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  • Doctor Who - Planet of Giants [DVD] [1964]
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Doctor Who - Planet of Giants [DVD] [1964]

46 customer reviews

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Product details

  • Actors: William Hartnell
  • Format: PAL
  • Language: English
  • Subtitles: English
  • Subtitles For The Hearing Impaired: English
  • Region: Region 2 (This DVD may not be viewable outside Europe. Read more about DVD formats.)
  • Aspect Ratio: 4:3 - 1.33:1
  • Number of discs: 1
  • Classification: PG
  • Studio: 2entertain
  • DVD Release Date: 20 Aug. 2012
  • Run Time: 73 minutes
  • Average Customer Review: 4.3 out of 5 stars  See all reviews (46 customer reviews)
  • ASIN: B007Z10IMW
  • Amazon Bestsellers Rank: 4,772 in DVD & Blu-ray (See Top 100 in DVD & Blu-ray)


Product Description

The TARDIS doors open while the ship is still in flight by accident. Although they have arrived back on Earth in the 1960s, a time they have been trying to return to since they all met, the travellers soon realise that something is very wrong.

The Doctor, Ian, Barbara and Susan discover that they have all be reduced in size and the world they are now exploring has dangers at every turn…

Special Features
• Commentary with vision mixer Clive Doig, special sounds creator Brian Hodgson, make-up supervisor Sonia Markham and floor assistant David Tilley. Moderated by Mark Ayres.
• Episode 3 and 4 Reconstructio--Originally shot as a four-part story, the final two episodes of Planet of Giants were edited into a single episode for transmission. Using the original scripts, newly recorded dialogue and animation, this feature gives viewers and idea of how the original four-part version might have appeared.
Rediscovering The Urge to Live--The team behind the reconstruction explain how it was put together.
Suddenly Susan--Carole Ann Ford talks about her role as the Doctor’s granddaughter and the first companion in the TARDIS in this interview originally recorded for 2003’s The Story of Doctor Who.
The Lambert Tapes - The Doctor--Doctor Who’s original producer looks back on her time on the series in the second part of this interview recorded for The Story of Doctor Who
• Prop Design Plans (DVD-ROM only – to be viewed on PC/Mac).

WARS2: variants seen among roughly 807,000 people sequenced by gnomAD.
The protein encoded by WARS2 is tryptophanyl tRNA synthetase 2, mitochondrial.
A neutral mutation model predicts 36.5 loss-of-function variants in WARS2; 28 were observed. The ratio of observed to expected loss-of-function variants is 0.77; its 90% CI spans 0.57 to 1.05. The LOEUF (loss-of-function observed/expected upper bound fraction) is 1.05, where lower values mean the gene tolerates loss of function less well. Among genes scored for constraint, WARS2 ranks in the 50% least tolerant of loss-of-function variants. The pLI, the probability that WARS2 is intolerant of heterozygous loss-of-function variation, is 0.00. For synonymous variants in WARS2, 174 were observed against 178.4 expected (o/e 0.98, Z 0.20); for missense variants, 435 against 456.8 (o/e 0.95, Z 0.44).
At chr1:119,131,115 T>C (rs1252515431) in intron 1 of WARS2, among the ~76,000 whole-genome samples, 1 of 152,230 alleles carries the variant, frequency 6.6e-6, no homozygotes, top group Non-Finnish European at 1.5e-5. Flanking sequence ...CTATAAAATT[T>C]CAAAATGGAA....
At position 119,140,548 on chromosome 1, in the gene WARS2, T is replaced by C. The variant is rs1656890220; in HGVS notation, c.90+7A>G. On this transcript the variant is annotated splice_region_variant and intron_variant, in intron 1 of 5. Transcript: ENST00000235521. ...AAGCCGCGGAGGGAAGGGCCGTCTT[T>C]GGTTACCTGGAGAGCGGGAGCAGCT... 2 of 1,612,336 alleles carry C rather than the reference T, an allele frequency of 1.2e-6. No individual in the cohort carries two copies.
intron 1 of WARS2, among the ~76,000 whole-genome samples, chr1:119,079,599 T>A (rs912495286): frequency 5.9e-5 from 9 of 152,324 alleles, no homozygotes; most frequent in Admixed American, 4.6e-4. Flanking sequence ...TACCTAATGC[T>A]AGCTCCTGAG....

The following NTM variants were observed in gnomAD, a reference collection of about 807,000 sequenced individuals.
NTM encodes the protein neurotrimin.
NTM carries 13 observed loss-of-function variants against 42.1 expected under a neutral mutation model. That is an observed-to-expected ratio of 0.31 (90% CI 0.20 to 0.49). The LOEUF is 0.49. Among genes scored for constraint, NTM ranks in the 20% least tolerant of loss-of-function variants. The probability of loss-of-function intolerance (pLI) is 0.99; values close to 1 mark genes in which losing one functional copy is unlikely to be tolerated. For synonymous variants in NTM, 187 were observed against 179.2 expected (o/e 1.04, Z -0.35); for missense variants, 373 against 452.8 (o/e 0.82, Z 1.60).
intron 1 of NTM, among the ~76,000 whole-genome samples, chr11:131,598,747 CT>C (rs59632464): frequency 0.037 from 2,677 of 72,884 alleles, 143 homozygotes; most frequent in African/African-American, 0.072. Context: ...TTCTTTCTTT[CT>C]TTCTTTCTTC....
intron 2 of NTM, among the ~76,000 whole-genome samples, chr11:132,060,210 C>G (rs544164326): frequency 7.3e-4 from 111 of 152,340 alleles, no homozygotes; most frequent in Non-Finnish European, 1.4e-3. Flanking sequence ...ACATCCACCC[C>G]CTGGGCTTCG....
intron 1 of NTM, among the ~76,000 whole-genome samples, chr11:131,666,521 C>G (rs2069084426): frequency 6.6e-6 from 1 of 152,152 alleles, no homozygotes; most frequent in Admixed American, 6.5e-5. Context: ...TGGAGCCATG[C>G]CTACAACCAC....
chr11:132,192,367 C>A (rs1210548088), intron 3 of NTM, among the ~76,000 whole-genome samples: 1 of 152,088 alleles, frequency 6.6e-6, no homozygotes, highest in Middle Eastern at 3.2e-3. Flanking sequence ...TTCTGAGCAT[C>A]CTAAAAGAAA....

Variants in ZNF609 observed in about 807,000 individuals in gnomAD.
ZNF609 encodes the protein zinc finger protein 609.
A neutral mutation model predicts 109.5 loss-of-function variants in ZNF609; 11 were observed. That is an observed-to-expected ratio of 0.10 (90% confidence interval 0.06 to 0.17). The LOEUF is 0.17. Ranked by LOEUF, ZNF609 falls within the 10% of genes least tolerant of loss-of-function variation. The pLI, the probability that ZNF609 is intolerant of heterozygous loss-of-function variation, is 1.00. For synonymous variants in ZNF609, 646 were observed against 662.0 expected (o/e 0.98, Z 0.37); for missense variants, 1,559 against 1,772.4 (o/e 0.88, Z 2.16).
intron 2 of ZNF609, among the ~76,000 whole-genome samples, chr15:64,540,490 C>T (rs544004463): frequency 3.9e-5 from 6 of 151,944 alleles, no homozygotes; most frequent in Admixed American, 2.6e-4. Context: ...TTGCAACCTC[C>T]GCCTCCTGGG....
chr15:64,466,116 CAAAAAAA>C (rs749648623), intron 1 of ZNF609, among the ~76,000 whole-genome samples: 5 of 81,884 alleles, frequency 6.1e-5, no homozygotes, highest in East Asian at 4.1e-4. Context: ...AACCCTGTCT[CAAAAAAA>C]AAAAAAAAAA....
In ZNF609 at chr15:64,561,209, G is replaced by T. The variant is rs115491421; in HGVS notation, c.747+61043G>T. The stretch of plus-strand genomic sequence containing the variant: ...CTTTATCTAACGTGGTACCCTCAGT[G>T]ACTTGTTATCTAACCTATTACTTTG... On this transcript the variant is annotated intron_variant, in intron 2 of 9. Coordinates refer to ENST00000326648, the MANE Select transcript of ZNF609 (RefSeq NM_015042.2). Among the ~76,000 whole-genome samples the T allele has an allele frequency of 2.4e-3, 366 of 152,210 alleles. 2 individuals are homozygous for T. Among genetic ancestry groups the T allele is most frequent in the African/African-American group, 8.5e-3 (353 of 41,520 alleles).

• Radio Times Listings (DVD-ROM)
• Programme Subtitles
• Production Information Subtitles
• Photo Gallery
• Coming Soon Trailer
• Digitally remastered picture and sound quality
The story was originally broadcast on BBC1 between 31st October – 14th November 1964.


"Planet of the Giants" opened the second season of Doctor Who with William Hartnell's Doctor and companions Susan, Barbara and Ian finding themselves in a mysterious labyrinth filled with dead giant ants. A TARDIS malfunction has left the travellers an inch high and they have landed in the cracks in a garden path, part of a testing ground for an insecticide which could trigger a biological apocalypse. The plot combines the urgent warning of Rachel Carson's 1962 environmental landmark Silent Spring, with the basic scenario of Richard Matheson's The Incredible Shrinking Man (1957), the characters facing similar hazards including being menaced by a domestic cat. The low budget means the huge props necessary to realise the story are limited, but what there are prove surprisingly good. Even the over-size ants and a big fly look fairly impressive. The story maintains an unsettling mood, with an effective cliff-hanger involving the laboratory sink. Continuity problems stem from the original four-episode story being re-edited into three parts prior to transmission, but this is still a superior example of early Doctor Who, predating the popular American TV series Land of the Giants (1968) by four years. Lindsay Gutteridge's once popular 1973 novel Cold War in a Country Garden owed much to the story. --Gary S Dalkin --This text refers to an out of print or unavailable edition of this title.

Customer Reviews

4.3 out of 5 stars
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Most Helpful Customer Reviews

Format: DVD Verified Purchase
Planet of Giants was the first commissioned serial of Doctor Who's second season and it was duly anticipated by viewers in 1964, according to the Radio Times at least. I have previously owned the VHS version of this serial, which was the first to receive the VIDFIRE process, and I always thought that it was an interesting story, though maybe a little too convoluted as a season opener. Upon discovering more information via this DVD I have learned a lot more concerning this particular serial, and I now have a newfound fondness for this three-part addition to the Who mythos.